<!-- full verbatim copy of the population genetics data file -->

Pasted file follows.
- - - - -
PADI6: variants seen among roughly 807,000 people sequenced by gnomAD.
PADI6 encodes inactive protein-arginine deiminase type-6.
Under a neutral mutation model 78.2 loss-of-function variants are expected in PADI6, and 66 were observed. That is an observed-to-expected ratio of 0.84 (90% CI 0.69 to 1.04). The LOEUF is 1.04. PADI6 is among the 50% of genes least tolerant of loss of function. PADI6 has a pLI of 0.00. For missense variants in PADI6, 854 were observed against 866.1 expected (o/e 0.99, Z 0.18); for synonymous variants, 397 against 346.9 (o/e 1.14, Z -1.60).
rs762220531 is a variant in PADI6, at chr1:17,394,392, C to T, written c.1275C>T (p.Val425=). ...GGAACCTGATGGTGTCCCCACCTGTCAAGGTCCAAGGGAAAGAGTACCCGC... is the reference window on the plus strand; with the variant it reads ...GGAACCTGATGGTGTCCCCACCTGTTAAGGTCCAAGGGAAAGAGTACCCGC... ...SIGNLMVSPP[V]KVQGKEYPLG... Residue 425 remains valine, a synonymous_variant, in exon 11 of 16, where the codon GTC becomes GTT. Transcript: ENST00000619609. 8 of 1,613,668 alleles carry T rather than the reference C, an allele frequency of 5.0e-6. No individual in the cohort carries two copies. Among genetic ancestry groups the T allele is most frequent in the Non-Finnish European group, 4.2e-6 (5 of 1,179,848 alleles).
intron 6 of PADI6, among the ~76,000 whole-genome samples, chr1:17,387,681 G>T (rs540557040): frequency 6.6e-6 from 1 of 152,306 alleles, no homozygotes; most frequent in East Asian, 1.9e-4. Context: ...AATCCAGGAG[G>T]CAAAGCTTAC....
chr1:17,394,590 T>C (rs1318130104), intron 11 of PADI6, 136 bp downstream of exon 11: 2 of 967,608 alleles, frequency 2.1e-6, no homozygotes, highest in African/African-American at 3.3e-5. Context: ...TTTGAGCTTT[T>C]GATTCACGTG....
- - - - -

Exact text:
PADI6: variants seen among roughly 807,000 people sequenced by gnomAD.
PADI6 encodes inactive protein-arginine deiminase type-6.
Under a neutral mutation model 78.2 loss-of-function variants are expected in PADI6, and 66 were observed. That is an observed-to-expected ratio of 0.84 (90% CI 0.69 to 1.04). The LOEUF is 1.04. PADI6 is among the 50% of genes least tolerant of loss of function. PADI6 has a pLI of 0.00. For missense variants in PADI6, 854 were observed against 866.1 expected (o/e 0.99, Z 0.18); for synonymous variants, 397 against 346.9 (o/e 1.14, Z -1.60).
rs762220531 is a variant in PADI6, at chr1:17,394,392, C to T, written c.1275C>T (p.Val425=). ...GGAACCTGATGGTGTCCCCACCTGTCAAGGTCCAAGGGAAAGAGTACCCGC... is the reference window on the plus strand; with the variant it reads ...GGAACCTGATGGTGTCCCCACCTGTTAAGGTCCAAGGGAAAGAGTACCCGC... ...SIGNLMVSPP[V]KVQGKEYPLG... Residue 425 remains valine, a synonymous_variant, in exon 11 of 16, where the codon GTC becomes GTT. Transcript: ENST00000619609. 8 of 1,613,668 alleles carry T rather than the reference C, an allele frequency of 5.0e-6. No individual in the cohort carries two copies. Among genetic ancestry groups the T allele is most frequent in the Non-Finnish European group, 4.2e-6 (5 of 1,179,848 alleles).
intron 6 of PADI6, among the ~76,000 whole-genome samples, chr1:17,387,681 G>T (rs540557040): frequency 6.6e-6 from 1 of 152,306 alleles, no homozygotes; most frequent in East Asian, 1.9e-4. Context: ...AATCCAGGAG[G>T]CAAAGCTTAC....
chr1:17,394,590 T>C (rs1318130104), intron 11 of PADI6, 136 bp downstream of exon 11: 2 of 967,608 alleles, frequency 2.1e-6, no homozygotes, highest in African/African-American at 3.3e-5. Context: ...TTTGAGCTTT[T>C]GATTCACGTG....